How can I remove these aliases


I am trying to update the PSFTP module from the gallery. I used Remove-Module, but these three (3) aliases remain. How can I remove them before installing the current PSFTP module?

Additional information

I am not sure how PSFTP got onto this machine. Using Uninstall-Module, even under Run as Administrator, does not work. How might I correctly uninstall this module?

The module directory does exist on the machine.


Remove-Module unloads a module, but doesn’t remove it from the filesystem.

With $PSModuleAutoLoadingPreference at its default (All), this means that the module and its commands are still discoverable, even if the module isn’t currently loaded (imported).

As it happens, this particular module exports only aliases, which is why only they show up in the output from Get-Command *ftp*.

While Get-Command is able to find aliases from not-currently-loaded (imported) modules, such aliases are not present in the Alias: drive and attempts to remove them with Remove-Item Alias:<name> or, more directly, Remove-Alias <name> fail.

If you want to uninstall the module before installing a new version – assuming you’ve installed it from the PowerShell Gallery, as you say (see update below) – use Uninstall-Module.

That said, in order to update an installed module, simply use Update-Module.
Note that this performs a side-by-side installation, however: while the newest version does take effect, the previous version is retained and requires manual removal, if desired.

If the module wasn’t installed from the PowerShell Gallery, manual deletion of its folder is required:

  • Be sure that no other modules depend on the module to delete.
    • To find a module’s dependents, i.e., other modules that depend on it, use, e.g. (I’m using module PackageManagement as an example, which has module PowerShellGet as a dependent):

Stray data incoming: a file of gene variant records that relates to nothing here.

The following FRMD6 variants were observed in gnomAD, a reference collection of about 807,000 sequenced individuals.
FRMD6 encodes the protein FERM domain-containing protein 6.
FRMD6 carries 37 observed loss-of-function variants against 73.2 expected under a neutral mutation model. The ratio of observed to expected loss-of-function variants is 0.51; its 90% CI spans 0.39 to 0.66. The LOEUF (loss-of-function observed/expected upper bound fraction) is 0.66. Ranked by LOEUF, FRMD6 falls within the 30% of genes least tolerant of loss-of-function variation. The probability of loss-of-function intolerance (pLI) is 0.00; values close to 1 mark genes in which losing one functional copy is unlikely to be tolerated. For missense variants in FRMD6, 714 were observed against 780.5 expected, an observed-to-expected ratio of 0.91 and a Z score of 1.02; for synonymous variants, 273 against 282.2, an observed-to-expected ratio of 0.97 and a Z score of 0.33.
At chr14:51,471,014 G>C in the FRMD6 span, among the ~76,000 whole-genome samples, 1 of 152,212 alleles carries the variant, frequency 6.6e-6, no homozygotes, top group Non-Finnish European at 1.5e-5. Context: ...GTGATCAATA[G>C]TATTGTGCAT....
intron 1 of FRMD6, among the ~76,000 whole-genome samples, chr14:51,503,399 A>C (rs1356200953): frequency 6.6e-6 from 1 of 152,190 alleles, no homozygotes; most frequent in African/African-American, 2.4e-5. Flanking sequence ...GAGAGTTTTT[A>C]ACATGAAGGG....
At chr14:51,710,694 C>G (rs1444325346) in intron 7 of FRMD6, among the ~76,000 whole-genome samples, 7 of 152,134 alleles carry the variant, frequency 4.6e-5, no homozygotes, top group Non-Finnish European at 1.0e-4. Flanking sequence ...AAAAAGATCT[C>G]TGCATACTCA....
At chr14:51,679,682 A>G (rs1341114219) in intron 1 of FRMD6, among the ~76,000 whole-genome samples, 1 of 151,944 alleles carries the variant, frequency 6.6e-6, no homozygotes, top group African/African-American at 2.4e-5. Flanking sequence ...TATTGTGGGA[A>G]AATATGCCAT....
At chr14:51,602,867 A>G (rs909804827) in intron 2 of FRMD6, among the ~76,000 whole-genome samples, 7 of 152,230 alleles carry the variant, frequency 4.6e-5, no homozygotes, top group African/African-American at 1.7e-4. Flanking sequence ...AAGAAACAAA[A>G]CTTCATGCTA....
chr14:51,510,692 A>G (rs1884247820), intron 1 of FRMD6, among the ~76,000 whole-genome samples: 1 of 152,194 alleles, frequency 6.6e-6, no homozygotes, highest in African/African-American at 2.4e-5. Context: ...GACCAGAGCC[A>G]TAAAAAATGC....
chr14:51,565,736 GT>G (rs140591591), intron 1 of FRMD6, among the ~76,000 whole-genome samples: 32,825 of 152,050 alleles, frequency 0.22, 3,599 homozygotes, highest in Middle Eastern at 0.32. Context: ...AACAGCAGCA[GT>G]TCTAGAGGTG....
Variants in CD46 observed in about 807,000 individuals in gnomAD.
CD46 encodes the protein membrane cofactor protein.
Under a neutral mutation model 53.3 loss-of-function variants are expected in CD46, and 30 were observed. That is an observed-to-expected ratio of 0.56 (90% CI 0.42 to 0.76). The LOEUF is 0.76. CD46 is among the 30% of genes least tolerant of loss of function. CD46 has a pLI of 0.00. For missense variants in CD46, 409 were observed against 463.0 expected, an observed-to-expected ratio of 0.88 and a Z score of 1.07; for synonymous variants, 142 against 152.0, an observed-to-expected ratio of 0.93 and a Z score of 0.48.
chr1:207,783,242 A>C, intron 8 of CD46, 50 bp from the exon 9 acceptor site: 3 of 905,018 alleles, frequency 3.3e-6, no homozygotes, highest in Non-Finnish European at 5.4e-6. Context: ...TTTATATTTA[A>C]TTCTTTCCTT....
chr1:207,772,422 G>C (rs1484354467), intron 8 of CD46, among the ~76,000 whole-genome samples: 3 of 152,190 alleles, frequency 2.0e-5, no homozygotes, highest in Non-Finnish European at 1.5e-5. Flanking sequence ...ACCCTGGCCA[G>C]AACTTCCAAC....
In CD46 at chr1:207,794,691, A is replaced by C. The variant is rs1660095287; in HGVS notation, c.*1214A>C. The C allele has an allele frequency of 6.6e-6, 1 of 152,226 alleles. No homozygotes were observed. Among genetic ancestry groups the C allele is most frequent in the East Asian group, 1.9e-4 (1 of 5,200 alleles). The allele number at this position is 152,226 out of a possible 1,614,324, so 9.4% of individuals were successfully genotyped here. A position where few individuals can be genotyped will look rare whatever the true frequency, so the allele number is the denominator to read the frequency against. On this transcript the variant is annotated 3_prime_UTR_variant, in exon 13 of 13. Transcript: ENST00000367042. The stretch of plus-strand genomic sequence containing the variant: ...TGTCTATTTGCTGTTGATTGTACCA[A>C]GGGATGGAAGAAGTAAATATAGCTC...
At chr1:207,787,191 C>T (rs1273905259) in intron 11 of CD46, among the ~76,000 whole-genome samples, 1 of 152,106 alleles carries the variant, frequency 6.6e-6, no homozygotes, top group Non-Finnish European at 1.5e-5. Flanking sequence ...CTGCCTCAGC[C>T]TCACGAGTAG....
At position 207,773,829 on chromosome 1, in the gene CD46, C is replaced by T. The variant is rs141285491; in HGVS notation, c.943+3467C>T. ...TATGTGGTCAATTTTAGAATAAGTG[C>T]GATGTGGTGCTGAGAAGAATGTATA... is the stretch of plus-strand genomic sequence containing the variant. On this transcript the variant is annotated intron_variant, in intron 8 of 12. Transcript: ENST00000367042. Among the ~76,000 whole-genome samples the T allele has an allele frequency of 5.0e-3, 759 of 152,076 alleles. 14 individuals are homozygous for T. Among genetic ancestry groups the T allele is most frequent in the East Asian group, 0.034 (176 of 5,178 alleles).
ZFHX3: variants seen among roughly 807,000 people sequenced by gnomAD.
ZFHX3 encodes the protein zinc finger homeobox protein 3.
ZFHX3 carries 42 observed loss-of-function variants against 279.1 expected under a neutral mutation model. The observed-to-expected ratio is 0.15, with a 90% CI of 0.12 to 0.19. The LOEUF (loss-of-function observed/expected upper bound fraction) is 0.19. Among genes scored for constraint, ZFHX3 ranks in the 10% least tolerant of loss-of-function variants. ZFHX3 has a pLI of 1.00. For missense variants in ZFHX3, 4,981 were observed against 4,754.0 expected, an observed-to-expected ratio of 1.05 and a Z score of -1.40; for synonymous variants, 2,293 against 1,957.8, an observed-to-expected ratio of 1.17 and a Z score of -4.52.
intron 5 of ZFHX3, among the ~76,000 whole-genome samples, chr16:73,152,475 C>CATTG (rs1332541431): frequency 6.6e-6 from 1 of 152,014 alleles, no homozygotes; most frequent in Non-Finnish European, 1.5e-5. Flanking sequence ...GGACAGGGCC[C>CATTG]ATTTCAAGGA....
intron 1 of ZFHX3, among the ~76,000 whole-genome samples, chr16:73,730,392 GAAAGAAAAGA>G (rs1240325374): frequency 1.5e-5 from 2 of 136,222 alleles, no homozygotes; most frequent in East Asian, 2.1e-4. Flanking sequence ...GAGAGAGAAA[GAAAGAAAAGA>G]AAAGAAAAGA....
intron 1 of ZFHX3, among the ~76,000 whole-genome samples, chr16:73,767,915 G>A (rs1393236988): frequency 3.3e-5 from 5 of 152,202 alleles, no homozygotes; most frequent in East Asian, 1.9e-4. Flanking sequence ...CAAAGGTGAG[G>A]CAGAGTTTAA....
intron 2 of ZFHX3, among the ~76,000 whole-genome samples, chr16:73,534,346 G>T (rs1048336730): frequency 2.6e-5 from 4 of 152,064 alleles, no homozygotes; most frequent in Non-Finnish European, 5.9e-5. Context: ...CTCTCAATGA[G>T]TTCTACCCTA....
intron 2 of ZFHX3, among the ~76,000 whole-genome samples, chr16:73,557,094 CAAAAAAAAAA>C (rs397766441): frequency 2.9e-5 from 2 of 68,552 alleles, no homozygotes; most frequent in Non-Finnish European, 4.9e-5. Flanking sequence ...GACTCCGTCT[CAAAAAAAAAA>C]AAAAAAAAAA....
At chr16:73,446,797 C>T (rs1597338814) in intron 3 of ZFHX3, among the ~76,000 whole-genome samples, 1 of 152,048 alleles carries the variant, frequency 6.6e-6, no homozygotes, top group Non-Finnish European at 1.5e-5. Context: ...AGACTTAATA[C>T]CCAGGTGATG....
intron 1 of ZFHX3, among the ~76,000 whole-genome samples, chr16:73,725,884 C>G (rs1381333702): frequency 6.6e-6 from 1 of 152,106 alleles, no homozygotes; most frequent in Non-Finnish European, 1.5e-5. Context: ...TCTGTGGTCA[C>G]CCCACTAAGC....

• Note, however, that there could be scripts that also rely on this module, and such uses would be much harder to detect (short of searching all scripts for #requires -Module directives, using -module statements, Import-Module calls, or simply calls to the module’s commands that relied on auto-loading the module).
    • To perform the inverse operation, i.e. to find a module’s dependencies, if any (the modules a given module itself depends on), use, e.g.:
      • (Get-Module -ListAvailable PowerShellGet).RequiredModules (there will be no output if there are no dependencies),
      • Similarly, as @lit (the OP) points out, you can query a module available in the PowerShell Gallery for its dependencies online; e.g.:
        Find-Module -IncludeDependencies PowerShellGet (this will list the module itself first, followed by its dependencies).
  • Depending on the module’s installation location, you may need administrative privileges for removal (an elevated session).
    • This is definitely the case for C:\Windows\System32\WindowsPowerShell\v1.0\Modules\PSFTP.
      Note that, as a third-party module, PSFTP should never have been installed there, because C:\Windows\System32\WindowsPowerShell\v1.0\Modules ($PSHOME\Modules) is reserved for system modules (the ones that ship with PowerShell).
    • Once you’ve confirmed that it is safe to delete the module folder, use the following (remove the -WhatIf to perform actual deletion):

Determining a module’s location (installation folder):

  • By module name (e.g., PSFTP):

    • -ListAvailable ensures that the module is found even if it is not currently imported, but only if it is is located in one of the directories listed in $env:PSModulePath.
    • Conversely, if a module is currently imported, but resides in a nonstandard directory, you most omit -ListAvailable in order to find it.
    • Multiple versions of a module may be installed and therefore be returned; the one with the highest version number is listed first.
  • By the name of a command exported by the module (e.g., Send-FTPItem):

    • Get-Command finds the command whether or not the containing module is currently imported.
    • If a module containing a command by that name is currently loaded (imported), its path is returned.
    • Otherwise, if multiple module versions are installed, the effective one is reported, which is the one with the highest version number.


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